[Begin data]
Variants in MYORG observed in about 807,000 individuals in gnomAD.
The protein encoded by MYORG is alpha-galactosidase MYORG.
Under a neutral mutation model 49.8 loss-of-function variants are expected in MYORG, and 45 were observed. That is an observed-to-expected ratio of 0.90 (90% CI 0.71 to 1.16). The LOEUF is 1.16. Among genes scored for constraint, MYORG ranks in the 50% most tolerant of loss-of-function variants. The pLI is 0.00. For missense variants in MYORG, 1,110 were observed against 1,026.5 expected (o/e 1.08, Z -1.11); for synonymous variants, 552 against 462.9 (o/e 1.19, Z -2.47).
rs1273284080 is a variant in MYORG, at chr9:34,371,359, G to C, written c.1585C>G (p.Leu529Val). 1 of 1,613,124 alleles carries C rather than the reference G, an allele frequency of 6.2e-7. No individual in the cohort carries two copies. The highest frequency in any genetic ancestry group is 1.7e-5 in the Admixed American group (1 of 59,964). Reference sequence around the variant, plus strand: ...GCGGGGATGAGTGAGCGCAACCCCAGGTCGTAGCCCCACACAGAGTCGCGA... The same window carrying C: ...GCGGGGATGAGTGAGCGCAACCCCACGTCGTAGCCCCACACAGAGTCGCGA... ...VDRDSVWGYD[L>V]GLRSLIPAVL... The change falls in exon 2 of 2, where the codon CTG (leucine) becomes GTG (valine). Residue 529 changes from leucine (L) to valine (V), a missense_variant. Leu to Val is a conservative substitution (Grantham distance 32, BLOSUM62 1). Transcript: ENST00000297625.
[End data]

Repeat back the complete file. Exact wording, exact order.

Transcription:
Variants in MYORG observed in about 807,000 individuals in gnomAD.
The protein encoded by MYORG is alpha-galactosidase MYORG.
Under a neutral mutation model 49.8 loss-of-function variants are expected in MYORG, and 45 were observed. That is an observed-to-expected ratio of 0.90 (90% CI 0.71 to 1.16). The LOEUF is 1.16. Among genes scored for constraint, MYORG ranks in the 50% most tolerant of loss-of-function variants. The pLI is 0.00. For missense variants in MYORG, 1,110 were observed against 1,026.5 expected (o/e 1.08, Z -1.11); for synonymous variants, 552 against 462.9 (o/e 1.19, Z -2.47).
rs1273284080 is a variant in MYORG, at chr9:34,371,359, G to C, written c.1585C>G (p.Leu529Val). 1 of 1,613,124 alleles carries C rather than the reference G, an allele frequency of 6.2e-7. No individual in the cohort carries two copies. The highest frequency in any genetic ancestry group is 1.7e-5 in the Admixed American group (1 of 59,964). Reference sequence around the variant, plus strand: ...GCGGGGATGAGTGAGCGCAACCCCAGGTCGTAGCCCCACACAGAGTCGCGA... The same window carrying C: ...GCGGGGATGAGTGAGCGCAACCCCACGTCGTAGCCCCACACAGAGTCGCGA... ...VDRDSVWGYD[L>V]GLRSLIPAVL... The change falls in exon 2 of 2, where the codon CTG (leucine) becomes GTG (valine). Residue 529 changes from leucine (L) to valine (V), a missense_variant. Leu to Val is a conservative substitution (Grantham distance 32, BLOSUM62 1). Transcript: ENST00000297625.